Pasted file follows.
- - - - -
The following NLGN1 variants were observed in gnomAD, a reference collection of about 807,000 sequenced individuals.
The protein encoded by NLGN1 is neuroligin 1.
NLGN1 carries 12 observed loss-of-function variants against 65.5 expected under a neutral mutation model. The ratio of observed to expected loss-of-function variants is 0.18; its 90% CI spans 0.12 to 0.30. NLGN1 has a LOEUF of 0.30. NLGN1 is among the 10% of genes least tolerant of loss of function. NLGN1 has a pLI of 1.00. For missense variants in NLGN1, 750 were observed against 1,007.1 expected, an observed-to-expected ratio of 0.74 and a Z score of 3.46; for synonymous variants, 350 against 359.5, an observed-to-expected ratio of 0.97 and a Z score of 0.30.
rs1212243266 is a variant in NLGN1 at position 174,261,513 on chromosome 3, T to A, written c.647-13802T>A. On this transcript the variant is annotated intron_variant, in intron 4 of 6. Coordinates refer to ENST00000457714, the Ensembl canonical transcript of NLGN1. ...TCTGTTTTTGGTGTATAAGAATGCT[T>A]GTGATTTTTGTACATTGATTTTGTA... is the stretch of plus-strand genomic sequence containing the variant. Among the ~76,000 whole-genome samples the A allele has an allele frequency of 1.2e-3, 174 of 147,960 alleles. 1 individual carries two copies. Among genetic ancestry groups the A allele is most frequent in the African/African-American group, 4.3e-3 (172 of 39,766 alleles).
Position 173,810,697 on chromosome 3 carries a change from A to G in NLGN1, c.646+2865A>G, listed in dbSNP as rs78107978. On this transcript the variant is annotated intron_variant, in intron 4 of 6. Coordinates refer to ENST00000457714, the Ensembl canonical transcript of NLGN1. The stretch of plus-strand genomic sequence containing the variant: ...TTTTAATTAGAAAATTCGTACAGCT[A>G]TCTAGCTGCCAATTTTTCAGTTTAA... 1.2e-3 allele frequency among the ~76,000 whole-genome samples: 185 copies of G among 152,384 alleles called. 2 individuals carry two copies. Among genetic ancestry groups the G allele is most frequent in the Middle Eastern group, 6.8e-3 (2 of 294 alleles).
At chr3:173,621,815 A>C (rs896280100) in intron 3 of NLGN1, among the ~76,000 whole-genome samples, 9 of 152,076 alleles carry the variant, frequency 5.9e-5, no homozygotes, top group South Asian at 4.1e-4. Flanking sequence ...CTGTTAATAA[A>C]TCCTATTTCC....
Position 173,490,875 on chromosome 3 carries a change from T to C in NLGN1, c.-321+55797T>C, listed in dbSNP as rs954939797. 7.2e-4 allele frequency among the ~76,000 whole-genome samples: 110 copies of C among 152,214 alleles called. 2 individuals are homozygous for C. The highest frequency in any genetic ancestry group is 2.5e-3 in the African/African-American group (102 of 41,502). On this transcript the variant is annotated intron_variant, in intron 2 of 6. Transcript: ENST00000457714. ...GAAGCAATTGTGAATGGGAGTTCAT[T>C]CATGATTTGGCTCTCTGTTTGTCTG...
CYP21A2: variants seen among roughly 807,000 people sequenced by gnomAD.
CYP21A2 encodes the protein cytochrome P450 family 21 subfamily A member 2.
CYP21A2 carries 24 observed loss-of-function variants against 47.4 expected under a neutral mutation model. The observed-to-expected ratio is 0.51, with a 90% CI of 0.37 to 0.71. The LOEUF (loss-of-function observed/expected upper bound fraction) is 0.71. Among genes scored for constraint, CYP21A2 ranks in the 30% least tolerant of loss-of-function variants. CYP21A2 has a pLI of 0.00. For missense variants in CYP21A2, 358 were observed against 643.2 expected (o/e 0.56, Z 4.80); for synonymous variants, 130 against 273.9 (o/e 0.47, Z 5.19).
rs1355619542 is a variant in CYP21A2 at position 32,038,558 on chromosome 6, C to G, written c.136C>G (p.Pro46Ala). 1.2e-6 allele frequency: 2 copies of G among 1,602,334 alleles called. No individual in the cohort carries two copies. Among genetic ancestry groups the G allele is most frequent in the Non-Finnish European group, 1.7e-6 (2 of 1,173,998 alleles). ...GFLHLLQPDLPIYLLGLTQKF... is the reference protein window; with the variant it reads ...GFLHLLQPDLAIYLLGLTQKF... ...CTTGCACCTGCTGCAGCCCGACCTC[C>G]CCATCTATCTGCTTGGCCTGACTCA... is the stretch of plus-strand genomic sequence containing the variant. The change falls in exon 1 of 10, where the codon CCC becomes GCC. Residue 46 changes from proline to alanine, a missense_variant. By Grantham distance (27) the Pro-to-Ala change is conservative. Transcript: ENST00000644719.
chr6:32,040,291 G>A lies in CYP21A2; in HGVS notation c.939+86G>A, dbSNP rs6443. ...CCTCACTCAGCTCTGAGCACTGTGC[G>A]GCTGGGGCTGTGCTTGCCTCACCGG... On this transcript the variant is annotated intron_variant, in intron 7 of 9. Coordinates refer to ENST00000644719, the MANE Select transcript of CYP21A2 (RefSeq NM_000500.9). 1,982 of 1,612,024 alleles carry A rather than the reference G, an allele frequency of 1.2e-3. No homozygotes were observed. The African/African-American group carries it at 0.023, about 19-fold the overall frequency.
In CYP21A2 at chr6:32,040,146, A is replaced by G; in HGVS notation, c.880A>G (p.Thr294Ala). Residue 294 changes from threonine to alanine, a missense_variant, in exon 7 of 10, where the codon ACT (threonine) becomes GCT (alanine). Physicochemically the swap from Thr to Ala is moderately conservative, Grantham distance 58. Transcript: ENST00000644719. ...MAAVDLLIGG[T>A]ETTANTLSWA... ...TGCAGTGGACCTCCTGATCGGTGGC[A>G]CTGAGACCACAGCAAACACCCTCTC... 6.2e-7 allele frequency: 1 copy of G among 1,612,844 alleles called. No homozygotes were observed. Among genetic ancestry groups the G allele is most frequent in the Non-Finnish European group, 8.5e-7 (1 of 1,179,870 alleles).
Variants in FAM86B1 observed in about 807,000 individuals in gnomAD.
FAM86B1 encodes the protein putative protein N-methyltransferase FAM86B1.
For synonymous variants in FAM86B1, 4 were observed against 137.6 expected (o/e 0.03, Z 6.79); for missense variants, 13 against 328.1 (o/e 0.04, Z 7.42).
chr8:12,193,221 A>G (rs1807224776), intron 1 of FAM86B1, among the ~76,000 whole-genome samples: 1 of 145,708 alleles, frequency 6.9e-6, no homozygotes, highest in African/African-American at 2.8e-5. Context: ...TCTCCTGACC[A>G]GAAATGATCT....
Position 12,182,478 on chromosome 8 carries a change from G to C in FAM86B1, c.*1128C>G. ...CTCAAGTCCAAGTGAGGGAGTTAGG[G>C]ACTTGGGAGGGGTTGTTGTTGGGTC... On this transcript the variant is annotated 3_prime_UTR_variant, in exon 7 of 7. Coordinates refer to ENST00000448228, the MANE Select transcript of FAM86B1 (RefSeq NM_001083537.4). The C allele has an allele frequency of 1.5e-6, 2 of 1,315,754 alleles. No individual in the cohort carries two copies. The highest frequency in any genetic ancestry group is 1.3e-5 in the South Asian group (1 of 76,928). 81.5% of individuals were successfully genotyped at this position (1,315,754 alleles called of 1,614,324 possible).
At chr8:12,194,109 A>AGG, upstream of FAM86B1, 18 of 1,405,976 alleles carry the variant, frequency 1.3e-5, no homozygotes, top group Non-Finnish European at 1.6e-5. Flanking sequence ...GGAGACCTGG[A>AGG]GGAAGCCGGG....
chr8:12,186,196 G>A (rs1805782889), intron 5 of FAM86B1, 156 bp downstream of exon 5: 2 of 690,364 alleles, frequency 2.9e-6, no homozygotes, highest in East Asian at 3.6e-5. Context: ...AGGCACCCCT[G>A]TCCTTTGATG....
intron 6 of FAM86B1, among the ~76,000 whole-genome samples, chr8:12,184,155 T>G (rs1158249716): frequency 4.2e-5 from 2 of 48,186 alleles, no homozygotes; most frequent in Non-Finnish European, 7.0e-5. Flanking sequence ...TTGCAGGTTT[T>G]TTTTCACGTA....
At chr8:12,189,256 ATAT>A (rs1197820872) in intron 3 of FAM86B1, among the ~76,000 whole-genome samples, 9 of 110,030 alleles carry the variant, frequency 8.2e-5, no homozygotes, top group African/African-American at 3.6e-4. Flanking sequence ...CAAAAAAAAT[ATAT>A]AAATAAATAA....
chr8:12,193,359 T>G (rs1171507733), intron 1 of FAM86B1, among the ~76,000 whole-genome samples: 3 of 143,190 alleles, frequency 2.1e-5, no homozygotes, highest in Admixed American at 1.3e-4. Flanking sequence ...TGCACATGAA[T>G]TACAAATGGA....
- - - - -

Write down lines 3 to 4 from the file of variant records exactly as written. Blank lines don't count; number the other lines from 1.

NLGN1 carries 12 observed loss-of-function variants against 65.5 expected under a neutral mutation model. The ratio of observed to expected loss-of-function variants is 0.18; its 90% CI spans 0.12 to 0.30. NLGN1 has a LOEUF of 0.30. NLGN1 is among the 10% of genes least tolerant of loss of function. NLGN1 has a pLI of 1.00. For missense variants in NLGN1, 750 were observed against 1,007.1 expected, an observed-to-expected ratio of 0.74 and a Z score of 3.46; for synonymous variants, 350 against 359.5, an observed-to-expected ratio of 0.97 and a Z score of 0.30.
rs1212243266 is a variant in NLGN1 at position 174,261,513 on chromosome 3, T to A, written c.647-13802T>A. On this transcript the variant is annotated intron_variant, in intron 4 of 6. Coordinates refer to ENST00000457714, the Ensembl canonical transcript of NLGN1. ...TCTGTTTTTGGTGTATAAGAATGCT[T>A]GTGATTTTTGTACATTGATTTTGTA... is the stretch of plus-strand genomic sequence containing the variant. Among the ~76,000 whole-genome samples the A allele has an allele frequency of 1.2e-3, 174 of 147,960 alleles. 1 individual carries two copies. Among genetic ancestry groups the A allele is most frequent in the African/African-American group, 4.3e-3 (172 of 39,766 alleles).